St. Joseph County approves sale of land to General Motors for EV battery plant
The long road to bringing a $3.5 billion electric battery plant to St. Joseph County is nearing an end. Or at least that’s the hope of county officials.
On Friday, the county’s redevelopment commission signed off on an agreement that gives General Motors the option to buy 660 acres of land east of New Carlisle for $275,000.
Bill Schalliol, who’s the director of development for St. Joseph County, said the property transfer is the final step for local officials and the ball is now fully in GM’s court.
“I believe that we’ve done all the steps. This was really the last step,” Schalliol said. “We approved options, we vacated roads, we rezoned the property. We’ve done all the procedural things. So moving the properties towards closing is really kind of the last piece.”
Schalliol is optimistic GM will announce its final decision for the plant site by the end of June. The sale of the land won’t become final until GM also signs a development agreement that was approved by the county council last month.
Getting all the ducks in a row has been a long process that started years ago when the county made investments in zoning, utilities and roadways to 3,000 acres of land on the western side of the county.
Local business leaders have been in talks with GM since late 2021 when the automaker was looking for a site to build a fourth EV battery plant in the U.S. GM was originally partnered with Ultium on that project and the county council voted to approve a massive set of tax breaks for the project in September.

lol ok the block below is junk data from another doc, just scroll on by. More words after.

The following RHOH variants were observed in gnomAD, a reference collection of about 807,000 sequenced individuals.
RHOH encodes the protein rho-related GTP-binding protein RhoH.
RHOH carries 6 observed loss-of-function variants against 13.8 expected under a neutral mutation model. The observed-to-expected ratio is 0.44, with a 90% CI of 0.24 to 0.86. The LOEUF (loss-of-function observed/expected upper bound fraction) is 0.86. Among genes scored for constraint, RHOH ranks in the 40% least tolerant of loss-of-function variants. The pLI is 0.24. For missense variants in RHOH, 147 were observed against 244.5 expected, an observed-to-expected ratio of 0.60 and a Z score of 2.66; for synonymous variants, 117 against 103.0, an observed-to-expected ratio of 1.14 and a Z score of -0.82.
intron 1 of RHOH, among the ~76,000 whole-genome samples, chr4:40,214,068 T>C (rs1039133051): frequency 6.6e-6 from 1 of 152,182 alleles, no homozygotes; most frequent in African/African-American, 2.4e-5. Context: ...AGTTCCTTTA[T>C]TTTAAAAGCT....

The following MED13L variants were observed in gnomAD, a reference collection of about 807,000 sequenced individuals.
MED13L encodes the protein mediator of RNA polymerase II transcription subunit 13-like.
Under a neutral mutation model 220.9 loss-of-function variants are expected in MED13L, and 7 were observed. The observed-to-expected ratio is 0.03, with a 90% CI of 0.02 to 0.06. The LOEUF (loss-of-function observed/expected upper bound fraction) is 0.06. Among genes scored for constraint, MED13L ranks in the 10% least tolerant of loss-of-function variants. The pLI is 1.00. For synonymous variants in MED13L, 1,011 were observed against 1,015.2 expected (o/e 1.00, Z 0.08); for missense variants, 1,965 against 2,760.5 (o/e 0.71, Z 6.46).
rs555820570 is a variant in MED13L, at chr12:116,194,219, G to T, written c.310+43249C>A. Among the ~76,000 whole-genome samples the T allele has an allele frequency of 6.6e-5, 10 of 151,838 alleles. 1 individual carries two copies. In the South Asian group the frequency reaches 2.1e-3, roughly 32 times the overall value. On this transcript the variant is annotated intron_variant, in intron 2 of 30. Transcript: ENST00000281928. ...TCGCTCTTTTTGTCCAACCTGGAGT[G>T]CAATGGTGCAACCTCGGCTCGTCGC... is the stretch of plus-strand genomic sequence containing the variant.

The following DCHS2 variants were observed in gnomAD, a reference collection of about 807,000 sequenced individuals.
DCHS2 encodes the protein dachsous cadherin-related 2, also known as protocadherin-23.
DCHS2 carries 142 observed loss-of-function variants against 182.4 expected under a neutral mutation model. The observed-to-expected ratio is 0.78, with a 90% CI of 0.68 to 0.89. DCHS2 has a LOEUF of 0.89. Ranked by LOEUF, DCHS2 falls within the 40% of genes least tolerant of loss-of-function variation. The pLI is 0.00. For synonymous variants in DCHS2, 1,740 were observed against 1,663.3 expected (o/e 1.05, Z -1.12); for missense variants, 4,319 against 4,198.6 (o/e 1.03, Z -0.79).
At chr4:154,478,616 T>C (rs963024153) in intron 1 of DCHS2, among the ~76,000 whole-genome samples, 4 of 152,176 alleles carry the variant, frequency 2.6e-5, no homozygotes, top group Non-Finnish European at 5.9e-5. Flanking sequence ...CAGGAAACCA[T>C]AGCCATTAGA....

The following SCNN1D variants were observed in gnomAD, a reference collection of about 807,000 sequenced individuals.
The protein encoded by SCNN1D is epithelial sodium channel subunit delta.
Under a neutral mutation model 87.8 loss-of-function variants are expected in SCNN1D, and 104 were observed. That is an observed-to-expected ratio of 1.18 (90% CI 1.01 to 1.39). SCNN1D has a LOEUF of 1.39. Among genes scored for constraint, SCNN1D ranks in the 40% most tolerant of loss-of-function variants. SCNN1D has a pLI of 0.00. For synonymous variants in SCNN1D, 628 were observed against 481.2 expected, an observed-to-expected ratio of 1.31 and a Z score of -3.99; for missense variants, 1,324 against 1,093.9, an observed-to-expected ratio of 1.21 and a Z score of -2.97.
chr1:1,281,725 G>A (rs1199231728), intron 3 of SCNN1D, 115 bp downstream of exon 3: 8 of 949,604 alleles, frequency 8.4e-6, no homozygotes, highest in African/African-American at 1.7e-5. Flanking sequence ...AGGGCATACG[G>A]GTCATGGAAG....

But Ultium pulled out of the deal in December and things stalled as GM looked for another company to partner with. In April, Samsung signed on to help build the factory and development talks resumed.
Jeff Rea recognizes that the litany of things to sort out seems excessive from an outside perspective, but as the president of the South Bend Regional Chamber of Commerce, he emphasized historic levels of investment take time.
“The wages alone will generate an economic impact of over $600 million a year. Which is phenomenal. Never in our lifetime have we seen a project with that kind of economic impact,” Rea said. “Never have we seen a project with this many jobs associated with it. So you wait a little bit longer for those.”
Now the questions left are when will GM make a final decision and what will it be. Schalliol said the company is still waiting to hear about a tax incentive package from the state, but he and Rea are still confident, especially after Friday’s move to approve the sale of the property.
“If they’re willing to make that kind of additional commitment to moving the project forward, we think that that’s a really good sign things are headed on the right track,” Schalliol said.